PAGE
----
Why some Wisconsin state employees are barred from mentioning 'climate change'
The state Board of Commissioners of Public Lands voted on Tuesday to officially prohibit staff from talking about or engaging in work related to climate change. Is this the beginning of a trend?
In George Orwell's classic novel, "1984," one of the plot lines is the continuous development of a fictional language called "Newspeak." The crafting of the language is an effort by the dictatorial government to ensure there would be no way to verbalize one's dissenting political thoughts because the vocabulary to do so would not exist.
In Wisconsin and Florida, state legislators have employed a politically-motivated gagging of their own; the restriction of state employees who cannot discuss "climate change" even though it may be relevant to their specific agency's responsibilities.
On Tuesday, the Wisconsin Board of Commissioners of Public Lands voted 2-1 to enact a ban on work related to climate change for staff members, according to Bloomberg.
The state agency, established in the mid-19th century, is responsible for managing the state's trust funds for education financing and administering 5,600 acres of state land.
Republican board member and state treasurer Matt Adamczyk did not approve of Tia Nelson, the public land board's executive secretary, using agency time in 2007 and 2008 to research climate change at the request of then-Democratic Gov. Jim Doyle. Wisconsin Democratic Secretary of State Douglas La Follette provided the sole dissenting vote.
"Having been on this board for close to 30 years, I’ve never seen such nonsense,” Mr. La Follette said in a conference call Tuesday, Bloomberg reported. “We’ve reached the point now where we’re going to try to gag employees from talking about issues. In this case, climate change."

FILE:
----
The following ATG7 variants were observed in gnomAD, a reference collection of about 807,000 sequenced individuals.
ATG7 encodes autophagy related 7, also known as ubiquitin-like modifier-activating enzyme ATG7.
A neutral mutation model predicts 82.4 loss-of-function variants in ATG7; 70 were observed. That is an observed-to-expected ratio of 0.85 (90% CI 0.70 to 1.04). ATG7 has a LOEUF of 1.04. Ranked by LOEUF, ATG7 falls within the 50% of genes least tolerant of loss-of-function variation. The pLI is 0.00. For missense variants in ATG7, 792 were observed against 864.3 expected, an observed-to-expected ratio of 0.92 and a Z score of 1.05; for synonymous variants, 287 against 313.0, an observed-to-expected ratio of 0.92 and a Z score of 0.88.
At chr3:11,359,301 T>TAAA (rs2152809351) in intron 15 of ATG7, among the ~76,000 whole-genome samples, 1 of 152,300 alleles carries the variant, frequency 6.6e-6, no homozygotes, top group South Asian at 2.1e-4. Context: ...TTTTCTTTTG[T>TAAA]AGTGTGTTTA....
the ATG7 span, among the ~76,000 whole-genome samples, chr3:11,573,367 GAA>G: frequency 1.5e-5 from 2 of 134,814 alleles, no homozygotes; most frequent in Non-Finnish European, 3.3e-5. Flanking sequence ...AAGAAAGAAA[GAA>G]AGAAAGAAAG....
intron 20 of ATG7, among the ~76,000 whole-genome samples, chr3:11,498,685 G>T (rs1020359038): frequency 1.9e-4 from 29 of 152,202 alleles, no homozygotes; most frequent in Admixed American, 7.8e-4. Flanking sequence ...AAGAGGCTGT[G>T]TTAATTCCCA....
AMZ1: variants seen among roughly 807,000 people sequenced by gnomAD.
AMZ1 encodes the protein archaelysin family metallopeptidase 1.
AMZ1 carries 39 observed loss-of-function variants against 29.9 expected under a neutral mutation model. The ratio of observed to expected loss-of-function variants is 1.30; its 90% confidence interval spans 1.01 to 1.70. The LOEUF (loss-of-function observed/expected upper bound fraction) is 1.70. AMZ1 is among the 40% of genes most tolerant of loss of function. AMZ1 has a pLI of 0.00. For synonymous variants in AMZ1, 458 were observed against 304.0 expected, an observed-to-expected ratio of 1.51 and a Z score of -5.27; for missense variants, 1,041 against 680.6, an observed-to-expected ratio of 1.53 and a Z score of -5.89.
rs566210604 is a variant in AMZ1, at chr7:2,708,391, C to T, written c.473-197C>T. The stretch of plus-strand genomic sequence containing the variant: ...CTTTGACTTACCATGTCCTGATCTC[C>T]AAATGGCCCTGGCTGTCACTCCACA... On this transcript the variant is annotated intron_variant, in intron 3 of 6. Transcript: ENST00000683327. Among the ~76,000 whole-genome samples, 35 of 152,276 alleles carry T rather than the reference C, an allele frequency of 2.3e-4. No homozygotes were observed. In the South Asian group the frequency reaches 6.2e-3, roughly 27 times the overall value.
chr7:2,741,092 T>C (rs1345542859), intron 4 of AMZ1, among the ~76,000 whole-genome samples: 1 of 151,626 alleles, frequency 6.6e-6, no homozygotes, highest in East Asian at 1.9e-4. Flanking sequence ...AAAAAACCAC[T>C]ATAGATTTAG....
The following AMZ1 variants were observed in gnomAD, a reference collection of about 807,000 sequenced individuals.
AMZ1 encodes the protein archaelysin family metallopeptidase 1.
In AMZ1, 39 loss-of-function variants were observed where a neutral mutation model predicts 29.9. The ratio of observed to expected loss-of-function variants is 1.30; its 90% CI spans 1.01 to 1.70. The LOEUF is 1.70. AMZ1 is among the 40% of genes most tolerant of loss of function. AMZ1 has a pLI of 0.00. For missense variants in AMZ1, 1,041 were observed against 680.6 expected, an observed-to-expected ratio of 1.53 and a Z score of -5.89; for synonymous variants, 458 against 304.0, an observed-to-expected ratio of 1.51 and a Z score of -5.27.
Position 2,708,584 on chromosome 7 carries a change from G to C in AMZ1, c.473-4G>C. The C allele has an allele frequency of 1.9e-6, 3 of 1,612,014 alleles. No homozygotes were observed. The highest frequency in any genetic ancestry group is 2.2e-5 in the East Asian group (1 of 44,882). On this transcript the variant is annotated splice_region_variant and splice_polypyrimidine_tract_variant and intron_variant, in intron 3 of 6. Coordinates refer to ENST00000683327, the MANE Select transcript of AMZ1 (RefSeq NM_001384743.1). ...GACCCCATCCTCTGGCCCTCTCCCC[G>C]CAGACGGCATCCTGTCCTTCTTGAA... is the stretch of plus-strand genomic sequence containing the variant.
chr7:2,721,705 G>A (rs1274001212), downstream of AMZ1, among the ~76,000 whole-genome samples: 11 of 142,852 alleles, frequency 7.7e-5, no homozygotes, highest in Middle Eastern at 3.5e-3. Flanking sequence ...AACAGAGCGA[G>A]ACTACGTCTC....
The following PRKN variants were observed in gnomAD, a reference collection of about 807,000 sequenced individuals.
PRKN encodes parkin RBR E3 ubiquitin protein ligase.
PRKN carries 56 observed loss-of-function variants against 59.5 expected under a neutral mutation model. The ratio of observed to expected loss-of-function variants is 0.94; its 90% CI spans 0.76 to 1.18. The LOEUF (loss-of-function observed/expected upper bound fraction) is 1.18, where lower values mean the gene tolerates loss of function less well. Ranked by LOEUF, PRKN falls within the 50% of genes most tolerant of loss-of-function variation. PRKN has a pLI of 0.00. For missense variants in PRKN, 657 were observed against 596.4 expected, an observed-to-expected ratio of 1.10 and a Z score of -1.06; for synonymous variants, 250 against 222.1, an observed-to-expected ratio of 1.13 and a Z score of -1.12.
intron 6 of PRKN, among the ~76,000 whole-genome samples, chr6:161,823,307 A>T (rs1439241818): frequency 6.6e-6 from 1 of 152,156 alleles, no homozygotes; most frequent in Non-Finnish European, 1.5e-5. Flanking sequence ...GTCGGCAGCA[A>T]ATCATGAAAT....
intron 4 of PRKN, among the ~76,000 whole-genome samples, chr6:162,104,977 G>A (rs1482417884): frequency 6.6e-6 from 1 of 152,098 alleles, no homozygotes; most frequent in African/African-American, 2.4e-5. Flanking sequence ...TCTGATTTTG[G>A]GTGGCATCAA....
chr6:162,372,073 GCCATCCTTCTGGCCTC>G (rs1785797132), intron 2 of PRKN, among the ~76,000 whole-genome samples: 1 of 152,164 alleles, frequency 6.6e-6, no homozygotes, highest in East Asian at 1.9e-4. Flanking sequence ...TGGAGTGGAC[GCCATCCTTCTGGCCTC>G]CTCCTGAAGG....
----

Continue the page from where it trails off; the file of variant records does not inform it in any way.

This all comes after a report from the Florida Center for Investigative Reporting that detailed staff members inside the Fla. Department of Environmental Protection being barred from using the phrases "climate change," "global warming," and "sustainability" in any official communications. The potential consequences of ignoring climate change could be costly for Florida – 2.4 million Floridians live within four feet of a current high tide line, according to Climate Central.
Even Wisconsin, located in the central United States, is not immune to consequences stemming from climate change. A University of Wisconsin report warned that likely effects include drought, heat waves, severe storms, and degradation of the state’s plant and animal life.
According to the Yale Project on Climate Change Communication, 60 percent of Wisconsinites acknowledge climate change is occurring but only 48 percent attribute it to human activity.
The board spent nearly twenty minutes discussing "climate change" before voting to ban the phrase, according to Bloomberg. The second vote in support of the ban came from state Attorney General Brad Schimel, who is handling current Wisconsin Governor and GOP presidential hopeful Scott Walker's lawsuit against the Environmental Protection Agency (EPA), according to Mother Jones. The lawsuit, filed in conjunction with 11 other states, challenges the EPA's proposed Clean Power Plan that would result in Wisconsin and other states having to drastically cut carbon emissions from power plants.
The burning of coal accounts for around 60 percent of Wisconsin's electricity generation, according to the US Energy Information Administration. Gov. Walker wrote a comment to the EPA about their proposed plan that said, in part, retrofits or closures of some coal power facilities would "be a blow to Wisconsin residents and business owners," according to WisconsinGazette.com.